One of the delights of living in Los Angeles in the 1970s was the Dr. Demento radio show on Sunday nights. A collage of perverse novelties and exercises in bad or misbegotten taste, reveling in whatever drives men and women to create awful yet catchy music.

One staple of the show was a tune called Pico and Sepulveda, which starts out like Cab Calloway and ends up like Devo. As fine as the tune is, the video is just as fine.

Breakfast Blend: Good Rats Plus

Peppi Marchello was the Good Rats’ singer, and the single constant throughout the band’s career, which ended when he died in 2013.

This is a band, the obit quoted Rolling Stone calling “the world’s most famous unknown band.” We don’t need Rolling Stone to tell us that that’s a rock remnant.

The Daily News says their 1974 album, Tasty, was their most successful, and that their biggest hit was the plaintive and slow-stomping Injun Joe.

And here’s a bootleg of a jam from 1974, with Tommy Bolin (who was in the James Gang for a while), Carmine Appice (the drummer in the Vanilla Fudge, and Beck, Bogert and Appice, of course) and the Good Rats. They’re playing at Ebbet’s Field, a famous small club in Denver Colorado in the early 70s.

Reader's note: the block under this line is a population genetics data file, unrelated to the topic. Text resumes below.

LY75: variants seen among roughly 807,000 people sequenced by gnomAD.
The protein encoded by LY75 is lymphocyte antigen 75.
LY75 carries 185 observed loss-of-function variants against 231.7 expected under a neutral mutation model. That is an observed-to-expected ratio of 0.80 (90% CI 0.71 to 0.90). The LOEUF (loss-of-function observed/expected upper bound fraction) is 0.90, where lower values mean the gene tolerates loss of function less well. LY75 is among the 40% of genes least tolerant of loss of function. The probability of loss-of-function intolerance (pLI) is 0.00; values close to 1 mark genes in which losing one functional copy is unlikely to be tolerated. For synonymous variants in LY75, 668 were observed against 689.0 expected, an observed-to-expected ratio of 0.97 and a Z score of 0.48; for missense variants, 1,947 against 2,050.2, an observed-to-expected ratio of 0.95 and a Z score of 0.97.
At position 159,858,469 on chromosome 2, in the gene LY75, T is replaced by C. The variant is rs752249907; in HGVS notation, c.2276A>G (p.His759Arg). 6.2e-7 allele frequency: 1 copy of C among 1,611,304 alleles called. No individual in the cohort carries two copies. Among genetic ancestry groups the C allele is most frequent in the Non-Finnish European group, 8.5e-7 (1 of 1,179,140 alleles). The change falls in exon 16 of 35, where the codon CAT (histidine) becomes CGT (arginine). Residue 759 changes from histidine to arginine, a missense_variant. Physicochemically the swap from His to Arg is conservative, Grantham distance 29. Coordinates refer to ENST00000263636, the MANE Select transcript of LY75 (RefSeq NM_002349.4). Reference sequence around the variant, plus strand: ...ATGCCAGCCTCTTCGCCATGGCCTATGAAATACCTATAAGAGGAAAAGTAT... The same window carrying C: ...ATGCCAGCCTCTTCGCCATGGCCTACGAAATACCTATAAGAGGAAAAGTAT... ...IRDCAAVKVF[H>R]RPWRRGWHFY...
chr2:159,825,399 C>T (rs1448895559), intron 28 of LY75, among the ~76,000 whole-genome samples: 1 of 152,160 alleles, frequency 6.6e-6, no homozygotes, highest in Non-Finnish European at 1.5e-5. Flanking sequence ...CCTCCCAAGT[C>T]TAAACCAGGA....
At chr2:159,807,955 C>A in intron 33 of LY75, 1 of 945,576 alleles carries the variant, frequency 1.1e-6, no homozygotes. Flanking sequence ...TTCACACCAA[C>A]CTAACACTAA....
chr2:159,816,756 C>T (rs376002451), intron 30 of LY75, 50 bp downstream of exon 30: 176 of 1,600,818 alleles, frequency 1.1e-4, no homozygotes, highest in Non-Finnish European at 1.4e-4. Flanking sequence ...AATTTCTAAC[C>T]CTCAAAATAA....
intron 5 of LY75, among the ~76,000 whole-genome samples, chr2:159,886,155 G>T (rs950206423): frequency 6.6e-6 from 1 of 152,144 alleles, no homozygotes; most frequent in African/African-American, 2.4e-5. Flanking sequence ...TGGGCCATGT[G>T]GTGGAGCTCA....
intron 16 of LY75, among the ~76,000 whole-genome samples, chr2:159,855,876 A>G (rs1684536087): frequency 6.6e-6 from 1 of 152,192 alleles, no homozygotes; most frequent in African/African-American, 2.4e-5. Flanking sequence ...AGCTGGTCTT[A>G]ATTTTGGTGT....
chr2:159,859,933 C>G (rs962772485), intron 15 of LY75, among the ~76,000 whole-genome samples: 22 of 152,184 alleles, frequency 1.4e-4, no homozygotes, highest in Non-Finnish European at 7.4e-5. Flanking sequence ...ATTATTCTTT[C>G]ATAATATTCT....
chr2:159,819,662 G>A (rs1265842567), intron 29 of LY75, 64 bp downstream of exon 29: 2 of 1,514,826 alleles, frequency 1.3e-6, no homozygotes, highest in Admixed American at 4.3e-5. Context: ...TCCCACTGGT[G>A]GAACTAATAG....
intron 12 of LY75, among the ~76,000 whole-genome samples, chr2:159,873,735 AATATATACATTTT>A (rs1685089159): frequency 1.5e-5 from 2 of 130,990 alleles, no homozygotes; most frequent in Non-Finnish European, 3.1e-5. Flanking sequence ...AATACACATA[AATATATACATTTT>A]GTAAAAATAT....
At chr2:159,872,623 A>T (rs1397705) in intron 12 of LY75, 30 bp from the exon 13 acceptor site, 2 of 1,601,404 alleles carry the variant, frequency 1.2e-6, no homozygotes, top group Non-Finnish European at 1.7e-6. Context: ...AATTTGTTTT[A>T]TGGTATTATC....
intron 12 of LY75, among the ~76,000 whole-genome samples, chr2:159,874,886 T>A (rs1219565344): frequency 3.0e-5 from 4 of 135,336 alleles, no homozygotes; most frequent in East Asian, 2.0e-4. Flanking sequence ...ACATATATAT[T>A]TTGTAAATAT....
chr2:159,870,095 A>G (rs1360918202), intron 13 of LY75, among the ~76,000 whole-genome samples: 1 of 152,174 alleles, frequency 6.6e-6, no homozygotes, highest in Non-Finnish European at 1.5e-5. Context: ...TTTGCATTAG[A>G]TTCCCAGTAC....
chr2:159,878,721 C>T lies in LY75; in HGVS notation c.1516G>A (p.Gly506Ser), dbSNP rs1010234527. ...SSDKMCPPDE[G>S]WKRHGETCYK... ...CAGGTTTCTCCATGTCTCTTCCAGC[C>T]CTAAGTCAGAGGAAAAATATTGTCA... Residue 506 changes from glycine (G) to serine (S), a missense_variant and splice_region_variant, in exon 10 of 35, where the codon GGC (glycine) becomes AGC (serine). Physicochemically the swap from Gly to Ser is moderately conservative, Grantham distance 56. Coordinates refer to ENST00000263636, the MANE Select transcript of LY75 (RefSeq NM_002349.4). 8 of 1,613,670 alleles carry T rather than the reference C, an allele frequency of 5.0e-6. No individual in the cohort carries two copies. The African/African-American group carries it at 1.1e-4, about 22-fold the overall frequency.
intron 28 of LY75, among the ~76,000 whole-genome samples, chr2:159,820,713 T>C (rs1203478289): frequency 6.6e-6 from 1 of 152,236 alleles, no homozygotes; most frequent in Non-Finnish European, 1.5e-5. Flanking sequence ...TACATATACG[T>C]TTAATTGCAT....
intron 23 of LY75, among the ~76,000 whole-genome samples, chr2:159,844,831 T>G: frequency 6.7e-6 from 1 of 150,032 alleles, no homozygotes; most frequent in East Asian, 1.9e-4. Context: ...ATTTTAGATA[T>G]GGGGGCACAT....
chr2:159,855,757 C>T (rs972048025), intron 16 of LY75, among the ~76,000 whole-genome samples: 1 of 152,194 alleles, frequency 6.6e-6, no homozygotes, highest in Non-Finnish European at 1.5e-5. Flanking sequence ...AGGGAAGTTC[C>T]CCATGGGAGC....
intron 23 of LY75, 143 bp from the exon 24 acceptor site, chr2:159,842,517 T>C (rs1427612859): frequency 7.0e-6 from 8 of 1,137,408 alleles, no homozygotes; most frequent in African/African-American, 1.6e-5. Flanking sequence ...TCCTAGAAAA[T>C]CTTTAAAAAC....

Up All Night! More Dimaggio. Via Pomplamoose.

The music making entity called Pomplamoose has been around for a while. They do cute covers of classic songs, with clever arrangements that build off their cute parts. She’s a cute singer. He’s a cute musician.

Their videos have generated 100s of millions of YouTube hits, which is good for them, and they recently went on tour to support their new album. I know nothing about the album or the tour, but they posted an accounting yesterday on Medium of what it means financially to be an internet sensation on the rock touring road.

Interestingly, they hired a real band to accompany them, which was expensive. And I think reflects well on their motives. It was also probably the reason they lost money.

All in all, I’m not a fan. Too cute. But as far as too cute goes, I like them, which I think is too their credit (since I have great taste). And not only did they go all transparent about their tour, which is a good thing, but they happened to cover Simon and Garfunkel’s Mrs. Robinson, which is a pretty good Joe Dimaggio song. Yesterday was his 100th birthday, if he was alive.

Night Music: Wilco and Billy Bragg (Woody Guthrie), “Joe Dimaggio’s Done It Again”

Joe Dimaggio was born 100 years ago today. Last year we posted the great Teddy Powell Band tune, Joltin’ Joe.

This year, Wilco and Billy Bragg’s rendering of Woody Guthrie’s lyrics, from their second Mermaid Avenue album. Happy Birthday, Joe.

I don’t know why Joe Dimaggio has so many songs. There is, of course, that Simon and Garfunkel song, and Les Brown’s original hit recording of Joltin’ Joe. I think I prefer the Teddy Powell version.